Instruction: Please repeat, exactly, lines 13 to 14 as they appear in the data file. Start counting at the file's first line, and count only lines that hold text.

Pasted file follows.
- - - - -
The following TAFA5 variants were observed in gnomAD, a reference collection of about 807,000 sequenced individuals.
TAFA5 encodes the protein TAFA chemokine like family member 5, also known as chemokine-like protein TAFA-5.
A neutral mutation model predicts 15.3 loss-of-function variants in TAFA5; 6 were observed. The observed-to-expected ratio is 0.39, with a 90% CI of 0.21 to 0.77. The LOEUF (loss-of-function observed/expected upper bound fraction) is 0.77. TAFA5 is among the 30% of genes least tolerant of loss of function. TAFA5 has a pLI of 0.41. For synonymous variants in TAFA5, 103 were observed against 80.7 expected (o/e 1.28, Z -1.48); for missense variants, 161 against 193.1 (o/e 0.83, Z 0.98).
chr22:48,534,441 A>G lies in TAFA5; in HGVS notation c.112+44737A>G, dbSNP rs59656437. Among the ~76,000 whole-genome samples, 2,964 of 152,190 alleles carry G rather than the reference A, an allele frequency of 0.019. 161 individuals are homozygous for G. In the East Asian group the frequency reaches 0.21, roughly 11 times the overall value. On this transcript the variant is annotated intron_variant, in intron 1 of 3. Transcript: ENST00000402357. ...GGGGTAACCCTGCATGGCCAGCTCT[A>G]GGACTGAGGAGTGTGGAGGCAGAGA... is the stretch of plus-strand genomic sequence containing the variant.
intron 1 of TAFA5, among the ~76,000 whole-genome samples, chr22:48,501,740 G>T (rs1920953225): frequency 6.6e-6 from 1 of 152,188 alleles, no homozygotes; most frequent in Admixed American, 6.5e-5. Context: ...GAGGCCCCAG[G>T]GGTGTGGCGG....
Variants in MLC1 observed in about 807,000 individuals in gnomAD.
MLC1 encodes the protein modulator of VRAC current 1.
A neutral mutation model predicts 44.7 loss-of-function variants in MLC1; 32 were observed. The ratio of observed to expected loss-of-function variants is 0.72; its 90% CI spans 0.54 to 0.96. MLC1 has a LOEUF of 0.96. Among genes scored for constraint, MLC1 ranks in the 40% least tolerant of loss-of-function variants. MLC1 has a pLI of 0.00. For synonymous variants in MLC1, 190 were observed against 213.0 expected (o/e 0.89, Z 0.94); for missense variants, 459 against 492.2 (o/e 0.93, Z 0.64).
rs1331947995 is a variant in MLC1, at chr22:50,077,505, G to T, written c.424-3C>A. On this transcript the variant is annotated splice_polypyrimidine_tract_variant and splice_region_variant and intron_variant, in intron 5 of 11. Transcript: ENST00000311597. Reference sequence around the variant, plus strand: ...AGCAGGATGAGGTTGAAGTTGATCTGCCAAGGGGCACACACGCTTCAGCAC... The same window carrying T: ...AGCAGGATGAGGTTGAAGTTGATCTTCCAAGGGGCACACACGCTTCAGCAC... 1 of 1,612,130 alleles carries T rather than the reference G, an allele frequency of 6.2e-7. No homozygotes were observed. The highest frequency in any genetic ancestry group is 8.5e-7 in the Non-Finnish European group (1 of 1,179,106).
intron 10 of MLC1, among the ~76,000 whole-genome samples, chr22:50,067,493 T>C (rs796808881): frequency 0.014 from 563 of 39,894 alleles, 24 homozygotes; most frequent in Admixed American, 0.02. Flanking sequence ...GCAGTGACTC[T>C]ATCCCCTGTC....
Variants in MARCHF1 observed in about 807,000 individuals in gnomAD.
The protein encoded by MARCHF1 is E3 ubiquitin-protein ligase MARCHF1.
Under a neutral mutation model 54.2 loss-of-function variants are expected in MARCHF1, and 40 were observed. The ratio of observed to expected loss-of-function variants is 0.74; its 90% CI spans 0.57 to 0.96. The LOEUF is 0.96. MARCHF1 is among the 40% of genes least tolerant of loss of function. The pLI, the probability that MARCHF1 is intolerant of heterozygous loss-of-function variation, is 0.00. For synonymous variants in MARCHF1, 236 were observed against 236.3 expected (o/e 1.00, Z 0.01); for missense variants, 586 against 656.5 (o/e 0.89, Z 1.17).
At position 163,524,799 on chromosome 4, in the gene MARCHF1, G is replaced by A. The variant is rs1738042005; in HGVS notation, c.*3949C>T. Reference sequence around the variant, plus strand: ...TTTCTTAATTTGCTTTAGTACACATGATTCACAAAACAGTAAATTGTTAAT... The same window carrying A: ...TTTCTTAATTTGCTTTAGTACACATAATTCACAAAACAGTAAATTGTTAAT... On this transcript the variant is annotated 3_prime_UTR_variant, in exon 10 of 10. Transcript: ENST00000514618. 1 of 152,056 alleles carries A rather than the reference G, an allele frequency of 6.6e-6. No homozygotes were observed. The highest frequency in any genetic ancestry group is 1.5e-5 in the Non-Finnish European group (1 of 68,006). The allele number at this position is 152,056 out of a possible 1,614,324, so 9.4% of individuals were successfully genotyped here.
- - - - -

Under a neutral mutation model 54.2 loss-of-function variants are expected in MARCHF1, and 40 were observed. The ratio of observed to expected loss-of-function variants is 0.74; its 90% CI spans 0.57 to 0.96. The LOEUF is 0.96. MARCHF1 is among the 40% of genes least tolerant of loss of function. The pLI, the probability that MARCHF1 is intolerant of heterozygous loss-of-function variation, is 0.00. For synonymous variants in MARCHF1, 236 were observed against 236.3 expected (o/e 1.00, Z 0.01); for missense variants, 586 against 656.5 (o/e 0.89, Z 1.17).
At position 163,524,799 on chromosome 4, in the gene MARCHF1, G is replaced by A. The variant is rs1738042005; in HGVS notation, c.*3949C>T. Reference sequence around the variant, plus strand: ...TTTCTTAATTTGCTTTAGTACACATGATTCACAAAACAGTAAATTGTTAAT... The same window carrying A: ...TTTCTTAATTTGCTTTAGTACACATAATTCACAAAACAGTAAATTGTTAAT... On this transcript the variant is annotated 3_prime_UTR_variant, in exon 10 of 10. Transcript: ENST00000514618. 1 of 152,056 alleles carries A rather than the reference G, an allele frequency of 6.6e-6. No homozygotes were observed. The highest frequency in any genetic ancestry group is 1.5e-5 in the Non-Finnish European group (1 of 68,006). The allele number at this position is 152,056 out of a possible 1,614,324, so 9.4% of individuals were successfully genotyped here.